The Purposes of Starvation: historical and contemporary uses

I am pleased to announce that my article co-authored with Alex de Waal, “The Purposes of Starvation: historical and contemporary uses,” has been published by the Journal of International Criminal Justice, in a special edition on Starvation and International Law, edited by  Antonio CocoJérôme de Hemptinne, and Brian Lander. Among the many excellent articles in the issue, is one by our colleagues in the Accountability for Starvation project, Wayne Jordash, Catriona Murdoch and Joe Holmes, “Strategies for Prosecuting Mass Starvation.”

Below is the introduction from our article, which is available online in full (with open access).


Mass violence was once dismissed as ‘ancient ethnic hatreds’ or ‘tribal violence’. Today, it is widely accepted that widespread and systematic assaults against civilians result from policies implemented by leaders in pursuit of strategic goals. What is more, these policies have been deemed criminal by international tribunals, domestic courts and the court of public opinion.

It is time to shift our thinking about mass starvation in a similar way and with a similar result. While failures of food production or distribution are often central factors, mass starvation results from a broader range of acts that actively debilitate a population’s capacity to survive. Many of these acts are already prohibited under different provisions of international law. We introduce the term ‘starvation crimes’ to capture how these separately criminalized acts, when perpetrated over a duration of months or even years, can create mass starvation.

Implicit in ‘starvation crimes’ is that starvation is produced by leaders’ decisions and serves political, military or economic goals. In this essay, we discuss nine objectives that can be furthered through mass starvation, offering historical examples to illustrate each. They include: (i) extermination or genocide; (ii) control through weakening a population; (iii) gaining territorial control; (iv) flushing out a population; (v) punishment; (vi) material extraction or theft; (vii) extreme exploitation; (viii) war provisioning; and (ix) comprehensive societal transformation.

Bridget Conley is an Associate Research Professor at The Fletcher School, Tufts University, and leads WPF’s research programs on atrocity response and incarceration. She works closely with the Executive Director on project development, fundraising and strategic vision for WPF. Currently, her primary research focus concerns the implications of American mass incarceration for local, national and international policies.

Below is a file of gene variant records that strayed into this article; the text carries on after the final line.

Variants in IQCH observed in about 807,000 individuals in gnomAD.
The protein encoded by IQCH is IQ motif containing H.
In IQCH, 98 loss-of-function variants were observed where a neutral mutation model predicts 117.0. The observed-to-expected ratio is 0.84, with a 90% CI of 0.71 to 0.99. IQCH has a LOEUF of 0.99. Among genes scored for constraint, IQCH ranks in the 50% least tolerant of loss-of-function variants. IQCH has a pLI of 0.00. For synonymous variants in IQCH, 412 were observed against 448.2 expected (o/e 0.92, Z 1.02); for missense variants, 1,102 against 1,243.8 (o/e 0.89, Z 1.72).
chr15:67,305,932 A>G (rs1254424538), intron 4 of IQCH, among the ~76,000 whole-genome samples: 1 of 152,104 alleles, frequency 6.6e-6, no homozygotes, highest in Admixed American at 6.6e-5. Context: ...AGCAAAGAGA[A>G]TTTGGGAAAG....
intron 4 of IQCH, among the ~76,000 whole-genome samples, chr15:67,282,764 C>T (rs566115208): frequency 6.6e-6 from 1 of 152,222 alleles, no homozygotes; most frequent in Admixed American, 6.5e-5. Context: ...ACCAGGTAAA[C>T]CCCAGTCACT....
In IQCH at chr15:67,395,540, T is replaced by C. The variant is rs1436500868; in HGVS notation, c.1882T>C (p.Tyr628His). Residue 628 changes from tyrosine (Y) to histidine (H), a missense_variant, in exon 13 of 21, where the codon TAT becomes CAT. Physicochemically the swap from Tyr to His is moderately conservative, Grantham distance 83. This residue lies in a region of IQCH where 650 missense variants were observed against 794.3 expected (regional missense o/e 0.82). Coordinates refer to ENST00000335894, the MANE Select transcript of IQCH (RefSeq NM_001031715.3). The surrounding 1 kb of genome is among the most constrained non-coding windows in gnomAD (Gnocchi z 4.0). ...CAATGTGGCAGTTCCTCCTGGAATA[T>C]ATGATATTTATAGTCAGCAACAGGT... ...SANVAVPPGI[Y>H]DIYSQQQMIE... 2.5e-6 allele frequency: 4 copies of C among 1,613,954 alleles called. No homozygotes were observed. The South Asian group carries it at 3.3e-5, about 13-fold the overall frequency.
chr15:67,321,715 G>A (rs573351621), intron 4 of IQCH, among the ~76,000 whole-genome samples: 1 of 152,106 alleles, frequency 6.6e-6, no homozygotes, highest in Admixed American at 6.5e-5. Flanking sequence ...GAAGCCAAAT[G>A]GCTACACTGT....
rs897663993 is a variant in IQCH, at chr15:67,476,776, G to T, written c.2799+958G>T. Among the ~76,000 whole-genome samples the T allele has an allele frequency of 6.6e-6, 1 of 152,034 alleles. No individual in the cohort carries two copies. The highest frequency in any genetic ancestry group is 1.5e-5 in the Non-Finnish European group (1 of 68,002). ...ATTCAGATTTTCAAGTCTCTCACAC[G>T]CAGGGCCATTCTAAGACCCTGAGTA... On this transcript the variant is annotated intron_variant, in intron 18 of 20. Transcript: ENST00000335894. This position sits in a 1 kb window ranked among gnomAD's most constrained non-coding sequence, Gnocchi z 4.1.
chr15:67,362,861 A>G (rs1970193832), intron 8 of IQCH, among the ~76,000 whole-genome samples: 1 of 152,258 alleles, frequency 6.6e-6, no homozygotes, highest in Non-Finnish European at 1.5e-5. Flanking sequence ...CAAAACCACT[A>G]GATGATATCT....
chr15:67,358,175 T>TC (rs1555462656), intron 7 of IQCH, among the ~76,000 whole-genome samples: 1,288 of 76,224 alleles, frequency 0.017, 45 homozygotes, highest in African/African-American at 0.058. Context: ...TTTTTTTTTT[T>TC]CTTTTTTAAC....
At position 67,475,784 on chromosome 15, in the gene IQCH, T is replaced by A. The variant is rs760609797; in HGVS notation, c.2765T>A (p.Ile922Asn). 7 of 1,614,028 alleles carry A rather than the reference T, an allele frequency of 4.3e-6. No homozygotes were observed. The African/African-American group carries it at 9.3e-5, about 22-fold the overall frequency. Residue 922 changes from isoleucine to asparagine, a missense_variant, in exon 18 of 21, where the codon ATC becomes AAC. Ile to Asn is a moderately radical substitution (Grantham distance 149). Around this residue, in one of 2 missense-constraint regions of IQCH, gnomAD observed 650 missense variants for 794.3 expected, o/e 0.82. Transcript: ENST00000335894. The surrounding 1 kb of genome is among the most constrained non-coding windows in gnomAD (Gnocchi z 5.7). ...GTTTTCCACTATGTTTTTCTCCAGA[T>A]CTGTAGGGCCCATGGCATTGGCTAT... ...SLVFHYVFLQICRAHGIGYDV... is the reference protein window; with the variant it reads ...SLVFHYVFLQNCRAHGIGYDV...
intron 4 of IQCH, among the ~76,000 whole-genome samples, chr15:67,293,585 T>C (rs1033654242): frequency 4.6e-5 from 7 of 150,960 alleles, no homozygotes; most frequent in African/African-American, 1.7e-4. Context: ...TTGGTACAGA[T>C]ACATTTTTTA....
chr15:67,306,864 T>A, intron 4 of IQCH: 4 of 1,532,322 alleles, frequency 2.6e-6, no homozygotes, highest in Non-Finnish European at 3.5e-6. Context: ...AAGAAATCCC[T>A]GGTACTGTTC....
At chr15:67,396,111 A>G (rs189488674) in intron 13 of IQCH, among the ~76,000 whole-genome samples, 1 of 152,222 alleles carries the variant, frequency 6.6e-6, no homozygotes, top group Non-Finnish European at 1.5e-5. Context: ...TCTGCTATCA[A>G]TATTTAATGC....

She also leads our program on mass atrocities and was a researcher on the mass starvation program. The author of Memory from the Margins: Ethiopia’s Red Terror Martyrs Memorial Museum (Palgrave 2019); co-editor of Accountability for Starvation: Testing the Limits of the Law (Oxford University Press, 2021), and editor of How Mass Atrocities End: Studies from Guatemala, Burundi, Indonesia, the Sudans, Bosnia-Herzegovina, and Iraq (Cambridge University Press 2016), she has also published on starvation crimes, the 1992 – 1995 war in Bosnia, mass atrocities and genocide, and how museums can engage on human rights issues.

At Fletcher, Prof. Conley teaches ‘Understanding Mass Atrocities’ and ‘Contemporary Critical Theory and International Issues.’ She also teaches undergraduate courses with Tufts University Prison Initiative of Tisch College (TUPIT).

She previously worked as Research Director for the U.S. Holocaust Memorial Museum’s Committee on Conscience, where she led the Museum’s research and projects on contemporary threats of genocide, where she produced multimedia public outreach materials, formulated positions on contemporary threats of genocide, and curated exhibitions.

She received a PhD in Comparative Literature from Binghamton University in 2001. When she is not in the office, she is happiest with her family or on a mountain summit.

Stay Connected